COLMES: We now continue with our exclusive sit-down with the newly announced presidential candidate, Fred Thompson.
HANNITY: You've been attacked already without even announcing that you are going to get into the race here. The New York Times, the paper of record even referred to your wife as a trophy wife. Newsweek, you know, "lazy like a fox." Does it concern you? Do you have a strategy to bypass the general media to get your message and go directly to the American people?
THOMPSON: Well, both. I mean, in the first place, you can't bypass the media, and I know what I've got to do. That's a part of the game. I understand that. This is high-stakes stuff. This process is probably pretty good training to being the president. It's no walk in the park, and a political campaign for president shouldn't be a walk in the park, either. We're big boys and girls. We'll do whatever's necessary to get through that.
But at the end of the day, there are ways, such as when I put out my statement that's on Fred08.com right now, that people can look, I've got about a 15-minute deal there where I say what I'm doing and why I'm doing it. That's directed to the American people, and I must say this morning the response has been fantastic on it.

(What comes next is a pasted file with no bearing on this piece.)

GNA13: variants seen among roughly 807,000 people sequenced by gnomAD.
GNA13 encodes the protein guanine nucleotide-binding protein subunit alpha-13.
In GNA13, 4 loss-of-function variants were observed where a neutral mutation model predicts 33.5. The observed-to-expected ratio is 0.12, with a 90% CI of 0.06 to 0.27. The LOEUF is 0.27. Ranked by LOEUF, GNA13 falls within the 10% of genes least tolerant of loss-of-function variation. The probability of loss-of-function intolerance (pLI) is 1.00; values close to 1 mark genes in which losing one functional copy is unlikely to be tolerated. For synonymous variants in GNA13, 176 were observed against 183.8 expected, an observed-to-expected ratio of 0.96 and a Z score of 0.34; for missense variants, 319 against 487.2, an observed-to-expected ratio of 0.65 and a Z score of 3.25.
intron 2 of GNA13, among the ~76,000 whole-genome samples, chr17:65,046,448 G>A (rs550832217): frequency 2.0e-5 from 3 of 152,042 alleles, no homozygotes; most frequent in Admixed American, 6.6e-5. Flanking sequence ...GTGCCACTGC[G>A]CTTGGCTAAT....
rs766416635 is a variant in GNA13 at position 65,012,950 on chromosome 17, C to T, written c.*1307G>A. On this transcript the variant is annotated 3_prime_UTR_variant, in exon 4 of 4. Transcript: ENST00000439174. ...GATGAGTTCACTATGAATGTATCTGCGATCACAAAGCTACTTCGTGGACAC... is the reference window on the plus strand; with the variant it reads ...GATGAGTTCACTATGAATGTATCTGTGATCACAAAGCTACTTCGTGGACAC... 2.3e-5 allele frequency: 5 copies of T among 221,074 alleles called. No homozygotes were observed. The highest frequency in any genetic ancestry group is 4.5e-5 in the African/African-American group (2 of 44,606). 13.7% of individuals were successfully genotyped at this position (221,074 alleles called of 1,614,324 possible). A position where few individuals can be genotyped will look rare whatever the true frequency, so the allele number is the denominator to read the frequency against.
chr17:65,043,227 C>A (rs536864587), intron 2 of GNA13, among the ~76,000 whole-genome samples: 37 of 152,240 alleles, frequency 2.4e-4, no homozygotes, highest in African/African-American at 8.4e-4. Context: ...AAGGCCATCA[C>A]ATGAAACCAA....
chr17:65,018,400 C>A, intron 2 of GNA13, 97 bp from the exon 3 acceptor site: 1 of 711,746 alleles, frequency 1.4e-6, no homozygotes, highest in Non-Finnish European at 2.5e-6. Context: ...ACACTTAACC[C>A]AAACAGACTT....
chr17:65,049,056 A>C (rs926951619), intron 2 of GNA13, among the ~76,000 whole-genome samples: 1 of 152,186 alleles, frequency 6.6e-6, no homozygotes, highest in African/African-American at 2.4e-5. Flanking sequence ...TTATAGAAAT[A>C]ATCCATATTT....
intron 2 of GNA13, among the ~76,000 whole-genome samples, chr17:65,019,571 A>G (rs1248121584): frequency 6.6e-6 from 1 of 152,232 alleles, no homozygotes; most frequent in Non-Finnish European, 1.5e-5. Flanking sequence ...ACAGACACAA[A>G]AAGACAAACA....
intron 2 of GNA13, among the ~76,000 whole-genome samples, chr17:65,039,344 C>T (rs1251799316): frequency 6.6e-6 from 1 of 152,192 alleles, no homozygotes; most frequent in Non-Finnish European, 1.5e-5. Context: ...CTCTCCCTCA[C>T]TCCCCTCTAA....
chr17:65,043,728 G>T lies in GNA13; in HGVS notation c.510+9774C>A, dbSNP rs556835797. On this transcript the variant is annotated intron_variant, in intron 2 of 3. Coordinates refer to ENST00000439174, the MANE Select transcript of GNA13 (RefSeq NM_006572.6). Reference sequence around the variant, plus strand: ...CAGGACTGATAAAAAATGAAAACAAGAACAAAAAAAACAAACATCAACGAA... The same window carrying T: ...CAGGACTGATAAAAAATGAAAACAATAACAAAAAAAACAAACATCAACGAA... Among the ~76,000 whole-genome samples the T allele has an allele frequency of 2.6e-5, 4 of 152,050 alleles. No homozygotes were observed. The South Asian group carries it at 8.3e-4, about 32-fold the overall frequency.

These things are aggravations, and sure, they're there, but everybody has to go through it, and it's just up to us to be smart enough to directly contact in any way that we can the American people, and I think we've got some maybe unique ways to do that.
HANNITY: Let's talk about during the debate last night, the big three issues obviously were the war in Iraq, the war on terrorism, immigration is a big issue, certainly not only for the conservative base but for the security of the country, and economic issues.
Starting with Iraq, we're going to hear from General Petraeus. What is your feeling there?